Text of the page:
Tiger Trail at Corbett National Park

A lush green forest encircled by the Himalayas, the smell of pine and the sound of birdcalls – the Jim Corbett National Park is the ideal escape from the hustle and bustle of city life.


Tiger-spotting topped my priority list. At the same time, I wanted a weekend getaway that offered more than just wildlife – and with elephant rides, angling, river rafting and rappelling on offer, I’m certain I made the right choice.

Corbett National Park is easily accessible by train and bus. I took the Ranikhet express from New Delhi up to Ramnagar and then boarded a bus to Dhikala, which is where most of the resorts and camping sites are located. The wildlife sanctuary caters to all budgets – but if you’re looking to indulge, opt for the private luxury resorts located near the Jhirna and Gajria gates of the national park.

Most resorts here offer great packages that include meals, spa treatments and the jungle safari. The Swiss-style tents and thatch cottages may look basic from the outside but several resorts offer five-star comfort inside.

I was pleasantly surprised to discover a plush four-poster bed, fresh flowers by the bedside, a range of organic toiletries and even an electric blanket that the staff is happy to provide on special request – just in case the whisky by the bonfire doesn’t warm you up enough!

After a delicious breakfast of quail eggs and freshly baked bread, I was raring to go and spot some wildlife. Corbett is a mosaic of landscapes – from dense green grass to gently rounded hills to muddy marshes. The elephant safari offers a fabulous view of the terrain and a much needed respite from the noisy whirr of the vehicles, which are the second option for the game-round.

As these gentle giants plod through the forest, patience is a much needed virtue. While I did spot plenty of monkeys, wild bison, deer, elephants and peacocks initially, four hours into my safari there was still no sign of a tiger – not even a pugmark!

Just as my spirits were flagging, we chanced upon a herd of barking deer, running furiously towards a thicket of trees. Barely ten feet away from them, his tawny orange fur glistening in the sunlight, was the tiger – swimming through the river, his prey clenched firmly between his teeth. It was a glimpse that probably lasted not more than five seconds, but the memory of that majestic beast has been imprinted in my mind. The wait was certainly worth it.

My safari operator suggested that I sign up for a walking tour later in evening, through the periphery of the forest. The guide regaled us with anecdotes of Jim Corbett’s hunting expeditions and even taught me how to recognize and mimic several bird-calls. Having had my fill of wildlife adventures, I headed back to my tent to get a few hours of shut-eye before the next day’s activities.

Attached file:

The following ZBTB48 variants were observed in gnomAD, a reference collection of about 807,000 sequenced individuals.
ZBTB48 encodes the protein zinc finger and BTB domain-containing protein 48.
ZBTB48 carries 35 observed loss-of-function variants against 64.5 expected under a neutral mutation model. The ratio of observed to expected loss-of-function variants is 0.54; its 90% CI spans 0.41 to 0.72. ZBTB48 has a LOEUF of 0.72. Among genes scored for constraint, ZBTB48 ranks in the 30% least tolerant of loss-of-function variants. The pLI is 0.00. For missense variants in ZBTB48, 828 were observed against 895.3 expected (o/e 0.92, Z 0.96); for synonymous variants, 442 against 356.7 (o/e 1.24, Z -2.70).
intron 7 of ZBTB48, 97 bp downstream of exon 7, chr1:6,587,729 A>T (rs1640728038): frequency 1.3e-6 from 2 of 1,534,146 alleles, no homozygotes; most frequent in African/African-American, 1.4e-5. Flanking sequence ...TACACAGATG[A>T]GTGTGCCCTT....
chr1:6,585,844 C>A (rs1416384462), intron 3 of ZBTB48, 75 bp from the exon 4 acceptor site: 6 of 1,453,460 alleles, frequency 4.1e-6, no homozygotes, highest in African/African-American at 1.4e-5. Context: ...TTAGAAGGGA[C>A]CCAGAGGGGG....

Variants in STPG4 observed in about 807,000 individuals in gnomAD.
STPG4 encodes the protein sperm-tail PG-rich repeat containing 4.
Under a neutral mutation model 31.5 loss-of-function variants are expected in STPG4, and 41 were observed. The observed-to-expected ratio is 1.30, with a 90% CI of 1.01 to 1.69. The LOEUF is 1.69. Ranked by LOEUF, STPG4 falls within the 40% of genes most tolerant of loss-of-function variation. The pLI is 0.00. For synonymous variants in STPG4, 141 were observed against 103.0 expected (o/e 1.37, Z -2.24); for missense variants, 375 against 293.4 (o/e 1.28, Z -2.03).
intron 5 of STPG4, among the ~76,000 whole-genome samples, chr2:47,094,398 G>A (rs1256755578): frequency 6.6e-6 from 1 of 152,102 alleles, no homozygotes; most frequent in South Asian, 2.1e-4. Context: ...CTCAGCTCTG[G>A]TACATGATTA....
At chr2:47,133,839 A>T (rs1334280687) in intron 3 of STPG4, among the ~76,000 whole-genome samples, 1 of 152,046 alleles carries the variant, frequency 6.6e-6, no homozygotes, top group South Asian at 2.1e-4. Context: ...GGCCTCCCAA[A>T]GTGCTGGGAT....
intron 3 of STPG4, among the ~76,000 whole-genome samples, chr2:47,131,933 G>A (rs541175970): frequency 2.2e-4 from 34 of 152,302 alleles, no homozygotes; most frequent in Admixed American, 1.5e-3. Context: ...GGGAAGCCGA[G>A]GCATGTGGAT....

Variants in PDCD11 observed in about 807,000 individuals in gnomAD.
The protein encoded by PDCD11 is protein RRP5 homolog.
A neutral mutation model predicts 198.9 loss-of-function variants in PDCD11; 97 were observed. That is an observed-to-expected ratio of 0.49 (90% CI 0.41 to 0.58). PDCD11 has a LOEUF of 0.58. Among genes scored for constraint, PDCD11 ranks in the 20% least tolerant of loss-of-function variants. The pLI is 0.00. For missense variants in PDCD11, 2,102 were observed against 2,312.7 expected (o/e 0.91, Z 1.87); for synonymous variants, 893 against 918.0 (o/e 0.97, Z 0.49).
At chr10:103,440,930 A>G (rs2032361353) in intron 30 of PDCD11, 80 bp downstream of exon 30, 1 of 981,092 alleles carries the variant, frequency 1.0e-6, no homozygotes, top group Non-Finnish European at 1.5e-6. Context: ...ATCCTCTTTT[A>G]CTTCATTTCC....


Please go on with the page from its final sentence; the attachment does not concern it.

Corbett is best visited between November and May as the park is closed during the monsoon. Despite the lack of rain during this time, the River Kosi is a frothing, whirling pool of energy along the eastern boundary of the national park. I approached the river-rafting site with trepidation, the swirling water only heightening my fear. But within minutes, once I was bundled into my lifejacket and onboard the raft, my anxiety gave way to excitement. Nothing beats the thrill of whooshing through the current, the icy cold water splashing on your face, the river’s heartbeat pulsating through the tiny raft.

I rounded off my jaunt down the Kosi with rock-climbing and rappelling, followed by a delicious lunch of freshly-caught ‘mahseer’. My guide told me his son had waited nearly ten hours for the fish to ‘bite’ the bait and that fortune would favour me, if I tipped him ten times the amount of time he had invested. I may have left a hundred rupees lighter but took home wonderful memories and the promise to return soon.

How to get there
By Air: Phoolbagh ( Pantnagar) is nearest airport, situated 50 kms from National Park. The nearest international airport is Delhi, which is 300 kms away

By Rail: Ramnagar is nearest railhead. Buses and shared cabs play at regular intervals from the station to the national park

Best Time to Visit: November to June as all tourism zones are open for visitors. Certain sections of the park are closed during the monsoon months of July, August and September

Accomodation: Plenty of private resorts and camping sites operate on the perimeter of the forest. The govt run Dhikala forest resthouse is also a good option but does require you to make a booking several months in advance.

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Comments

  1. What a photograph. Walking in all her majestic glory.

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